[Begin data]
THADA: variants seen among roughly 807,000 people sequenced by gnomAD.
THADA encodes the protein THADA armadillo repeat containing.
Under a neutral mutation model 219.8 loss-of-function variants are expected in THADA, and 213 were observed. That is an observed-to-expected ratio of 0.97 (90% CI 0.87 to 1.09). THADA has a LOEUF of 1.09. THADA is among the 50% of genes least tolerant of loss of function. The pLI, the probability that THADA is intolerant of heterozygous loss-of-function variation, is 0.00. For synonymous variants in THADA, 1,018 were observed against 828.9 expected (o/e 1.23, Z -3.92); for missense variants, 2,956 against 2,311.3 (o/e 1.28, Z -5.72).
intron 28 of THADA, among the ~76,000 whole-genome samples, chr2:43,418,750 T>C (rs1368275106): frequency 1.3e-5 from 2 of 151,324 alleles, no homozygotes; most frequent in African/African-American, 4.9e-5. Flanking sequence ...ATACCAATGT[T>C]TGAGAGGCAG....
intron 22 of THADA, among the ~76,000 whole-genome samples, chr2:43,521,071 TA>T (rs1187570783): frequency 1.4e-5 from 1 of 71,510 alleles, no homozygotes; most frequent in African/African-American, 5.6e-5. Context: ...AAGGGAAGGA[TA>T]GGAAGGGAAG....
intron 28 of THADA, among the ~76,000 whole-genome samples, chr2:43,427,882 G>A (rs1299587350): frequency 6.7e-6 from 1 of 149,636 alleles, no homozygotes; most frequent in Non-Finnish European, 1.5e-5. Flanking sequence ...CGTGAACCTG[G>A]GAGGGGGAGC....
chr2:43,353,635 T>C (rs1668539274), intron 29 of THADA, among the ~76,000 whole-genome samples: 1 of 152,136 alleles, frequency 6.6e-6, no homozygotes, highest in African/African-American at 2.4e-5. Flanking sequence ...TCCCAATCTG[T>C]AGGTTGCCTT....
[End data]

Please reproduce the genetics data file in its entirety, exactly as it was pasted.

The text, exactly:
THADA: variants seen among roughly 807,000 people sequenced by gnomAD.
THADA encodes the protein THADA armadillo repeat containing.
Under a neutral mutation model 219.8 loss-of-function variants are expected in THADA, and 213 were observed. That is an observed-to-expected ratio of 0.97 (90% CI 0.87 to 1.09). THADA has a LOEUF of 1.09. THADA is among the 50% of genes least tolerant of loss of function. The pLI, the probability that THADA is intolerant of heterozygous loss-of-function variation, is 0.00. For synonymous variants in THADA, 1,018 were observed against 828.9 expected (o/e 1.23, Z -3.92); for missense variants, 2,956 against 2,311.3 (o/e 1.28, Z -5.72).
intron 28 of THADA, among the ~76,000 whole-genome samples, chr2:43,418,750 T>C (rs1368275106): frequency 1.3e-5 from 2 of 151,324 alleles, no homozygotes; most frequent in African/African-American, 4.9e-5. Flanking sequence ...ATACCAATGT[T>C]TGAGAGGCAG....
intron 22 of THADA, among the ~76,000 whole-genome samples, chr2:43,521,071 TA>T (rs1187570783): frequency 1.4e-5 from 1 of 71,510 alleles, no homozygotes; most frequent in African/African-American, 5.6e-5. Context: ...AAGGGAAGGA[TA>T]GGAAGGGAAG....
intron 28 of THADA, among the ~76,000 whole-genome samples, chr2:43,427,882 G>A (rs1299587350): frequency 6.7e-6 from 1 of 149,636 alleles, no homozygotes; most frequent in Non-Finnish European, 1.5e-5. Flanking sequence ...CGTGAACCTG[G>A]GAGGGGGAGC....
chr2:43,353,635 T>C (rs1668539274), intron 29 of THADA, among the ~76,000 whole-genome samples: 1 of 152,136 alleles, frequency 6.6e-6, no homozygotes, highest in African/African-American at 2.4e-5. Flanking sequence ...TCCCAATCTG[T>C]AGGTTGCCTT....